To do this, a kid and his or her parents might see a mental health professional (psychiatrist, psychologist, therapist, social worker, or counselor). As part of behavior therapy, teachers and parents might create charts or other systems for rewarding the kid for meeting goals that have been set.

At school, kids with ADHD might need to work on staying seated or finishing class work. At home, the goals might be remembering to put dirty clothes in the hamper and keeping track of important things, like shoes and backpacks.

Once a kid can meet these goals, he or she will probably feel happier, which is the best medicine of all!

Taken from

Reviewed by: Shirin Hasan, MD

Date reviewed: July 2014

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Omega-3 Fats Improve Behavior in Children


Proper nutrition during early childhood is essential for proper brain function. Poor nutrition in early childhood is associated with increased aggressive behavior through adolescence by negatively impacting brain structure and function. Brain abnormalities have been found not just in adults with aggressive behavior problems but also in children with aggressive behavior. As a result, improved nutrition through adolescence is thought to possibly help with behavior problems.

Click the Pic to learn more!

Sleep Tips for Young Children


Taken from A.D.D. Warehouse News

Every child is different and requires a different amount of sleep to be healthy and function well.  On average a 5 to 12 year old should get 10 to 11 hours of sleep.

If your child has trouble falling asleep or staying asleep try the following tips:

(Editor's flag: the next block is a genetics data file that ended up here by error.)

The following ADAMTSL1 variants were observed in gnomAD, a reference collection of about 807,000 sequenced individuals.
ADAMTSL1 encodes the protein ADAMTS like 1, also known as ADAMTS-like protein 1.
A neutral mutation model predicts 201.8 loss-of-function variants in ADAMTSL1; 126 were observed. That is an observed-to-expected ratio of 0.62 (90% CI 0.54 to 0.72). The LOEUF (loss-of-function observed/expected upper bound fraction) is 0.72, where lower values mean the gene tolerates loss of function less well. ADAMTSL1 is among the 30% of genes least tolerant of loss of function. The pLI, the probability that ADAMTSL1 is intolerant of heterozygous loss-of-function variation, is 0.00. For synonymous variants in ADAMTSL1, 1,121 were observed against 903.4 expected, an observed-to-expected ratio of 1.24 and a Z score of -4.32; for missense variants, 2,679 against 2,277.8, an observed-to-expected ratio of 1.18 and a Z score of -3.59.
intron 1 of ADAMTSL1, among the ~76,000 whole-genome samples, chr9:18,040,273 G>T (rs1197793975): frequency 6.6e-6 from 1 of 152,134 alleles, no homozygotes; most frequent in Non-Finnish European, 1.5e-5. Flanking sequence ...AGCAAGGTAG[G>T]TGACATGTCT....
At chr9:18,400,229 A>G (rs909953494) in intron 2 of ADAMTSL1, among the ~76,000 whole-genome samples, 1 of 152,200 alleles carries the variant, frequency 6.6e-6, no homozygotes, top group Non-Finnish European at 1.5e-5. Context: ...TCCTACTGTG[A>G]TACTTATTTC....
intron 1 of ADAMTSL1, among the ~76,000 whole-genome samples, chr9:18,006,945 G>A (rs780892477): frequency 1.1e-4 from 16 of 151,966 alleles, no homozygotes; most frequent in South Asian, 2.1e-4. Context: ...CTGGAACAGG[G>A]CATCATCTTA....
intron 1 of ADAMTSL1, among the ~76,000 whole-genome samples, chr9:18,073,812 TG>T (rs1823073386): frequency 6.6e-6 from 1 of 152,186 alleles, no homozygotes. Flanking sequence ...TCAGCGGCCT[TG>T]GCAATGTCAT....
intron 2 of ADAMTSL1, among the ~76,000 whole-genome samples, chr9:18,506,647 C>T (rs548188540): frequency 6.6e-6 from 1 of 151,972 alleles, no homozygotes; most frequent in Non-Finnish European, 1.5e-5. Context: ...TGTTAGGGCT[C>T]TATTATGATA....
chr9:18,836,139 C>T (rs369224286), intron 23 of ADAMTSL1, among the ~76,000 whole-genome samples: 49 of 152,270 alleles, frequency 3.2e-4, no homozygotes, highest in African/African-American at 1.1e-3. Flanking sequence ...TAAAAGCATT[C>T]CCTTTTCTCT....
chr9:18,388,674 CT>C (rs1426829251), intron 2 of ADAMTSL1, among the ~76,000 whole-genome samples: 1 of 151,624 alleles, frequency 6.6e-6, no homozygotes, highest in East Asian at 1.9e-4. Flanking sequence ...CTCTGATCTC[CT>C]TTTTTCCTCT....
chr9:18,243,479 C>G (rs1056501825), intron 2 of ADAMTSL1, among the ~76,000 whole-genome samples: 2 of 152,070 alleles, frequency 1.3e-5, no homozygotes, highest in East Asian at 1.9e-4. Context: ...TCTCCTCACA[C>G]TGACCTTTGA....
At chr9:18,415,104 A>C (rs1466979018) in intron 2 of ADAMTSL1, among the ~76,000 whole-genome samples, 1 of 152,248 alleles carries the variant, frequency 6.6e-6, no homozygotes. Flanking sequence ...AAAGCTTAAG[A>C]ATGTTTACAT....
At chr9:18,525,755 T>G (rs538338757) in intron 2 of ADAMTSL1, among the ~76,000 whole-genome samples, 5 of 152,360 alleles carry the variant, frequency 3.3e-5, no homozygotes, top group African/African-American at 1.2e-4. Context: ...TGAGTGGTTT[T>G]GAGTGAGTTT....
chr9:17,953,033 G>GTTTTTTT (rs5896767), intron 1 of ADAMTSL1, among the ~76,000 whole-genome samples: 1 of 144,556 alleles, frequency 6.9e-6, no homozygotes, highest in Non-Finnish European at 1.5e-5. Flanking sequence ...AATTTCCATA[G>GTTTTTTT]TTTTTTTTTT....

• Offer a snack before bedtime.
  • Make bedtime the same time every night and make sure the child is engaging in a quiet activity before bedtime to prevent overarousal.
  • Develop a bedtime routine: bath, putting on pajamas, brushing teeth, read a story, etc so the child can form good sleep habits.
  • Stick to the bedtime you have set. Make it a rule that has to be followed so that the child does not test the limits every night.
  • Encourage the child to fall asleep on their own.  Parents should avoid staying in bed with their child until the child falls asleep. The child who falls asleep on his or her own will be better able to return to sleep during normal nighttime awakenings and sleep throughout the night.

Keep last “goodnights” short. Say “goodnight” when it’s time for you to leave the room and try not to come back if your child calls for you.

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Homework Helpers

• Set up a certain time and area in which to do homework. Allow your child to have a say in where he or she does their homework. It is important for your child to feel comfortable. If your child gets distracted easily, make sure they end up in an area you are able to monitor when needed.

• Children who take medication for AD/HD may find that the medicine has worn off by the time they start their homework. Talk with your doctor to see if there are any other options (i.e. splitting the dose throughout the day, adding a short-acting dose in the afternoon).

• Form a launch pad close to the exit of your home. This can be a table or a cubby where your child prepares their completed homework for school the next day. Provide labels and checklists to ensure he or she does not forget anything. Children are more likely to forget something if they are scurrying around in the morning before leaving for school.